The size of common environmental factors showed a reverse age pattern when compared with additive genetic factors (Figure 1b). Up to 13 years of age, common environmental factors showed an effect on BMI variation, but after that age this effect disappeared. There was a lot of variation in these estimates, but they were generally smaller than the estimates of additive genetic factors. The proportion of the BMI variation explained by unique environmental factors was stable over the age groups (Figure 1c).
No systematic sex or geographic differences were seen in the relative size of the variance components (Appendix Table 2). One of these twin studies also included genetic-level information, that is, genotyping of the FTO gene. In previous studies this candidate gene has been found to explain approximately 1% of the variation of BMI in several adult populations.36, 37, 38 This gene was found to be associated with BMI from 7 years of age onwards in the UK twin sample15 and a similar finding was also observed in Danish children.39 However, the FTO gene was able to explain only a small proportion of the genetic variation of BMI in the UK study.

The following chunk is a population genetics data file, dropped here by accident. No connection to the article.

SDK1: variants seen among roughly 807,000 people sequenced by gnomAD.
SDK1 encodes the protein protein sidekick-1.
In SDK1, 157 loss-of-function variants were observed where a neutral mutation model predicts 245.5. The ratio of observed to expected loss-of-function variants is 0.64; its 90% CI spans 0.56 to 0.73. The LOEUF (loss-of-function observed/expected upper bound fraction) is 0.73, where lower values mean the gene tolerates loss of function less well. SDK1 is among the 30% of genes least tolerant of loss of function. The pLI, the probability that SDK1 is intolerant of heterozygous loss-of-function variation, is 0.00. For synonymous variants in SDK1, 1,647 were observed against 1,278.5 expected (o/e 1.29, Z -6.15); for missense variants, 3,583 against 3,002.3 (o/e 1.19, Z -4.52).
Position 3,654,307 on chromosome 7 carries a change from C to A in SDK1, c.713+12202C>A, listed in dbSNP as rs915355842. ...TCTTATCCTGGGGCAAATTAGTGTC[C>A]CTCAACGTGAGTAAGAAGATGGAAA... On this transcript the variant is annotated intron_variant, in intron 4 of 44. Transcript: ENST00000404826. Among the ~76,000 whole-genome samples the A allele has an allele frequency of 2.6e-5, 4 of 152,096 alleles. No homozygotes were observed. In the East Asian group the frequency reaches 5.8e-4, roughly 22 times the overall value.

Table 1 summarizes information on the five existing adoption studies.22, 23, 24, 25, 26 One of these studies was a complete adoption study including information on both biological and adoptive parents of adoptees26 whereas the other four studies were partial adoption studies.22, 23, 24, 25 All of the adoption studies were conducted relatively early when compared with the twin studies. This is understandable as domestic adoptions have become rare in Europe and in the United States in the past two decades.
All studies that reported correlations between biological and non-biological relatives found substantial correlations between parents and their biological children as well as between biological siblings. The only statistically significant correlations between non-biological relatives was found in a US study between mothers and their adopted children (r=0.11 95% CI 0.02, 0.20).23 It is, however, noteworthy that the similar size of correlations was found between adoptive children and their adoptive fathers (r=0.11 95% CI −0.05, 0.27) and mothers (r=0.16 95% CI −0.01, 0.31) in the UK study22 and between adoptive mothers and children (r=0.10 95% CI −0.03, 0.23) in the Danish study,26 although these correlations were not statistically significant. The two US studies also reported variance components of BMI.23, 25 The most notable feature was that the effect of unshared environment was much larger than in the existing twin studies. It is, however, not clear whether this is because of age differences between siblings or different environmental factors affecting BMI in children and their parents, or whether it reflects real differences between adoption and twin studies.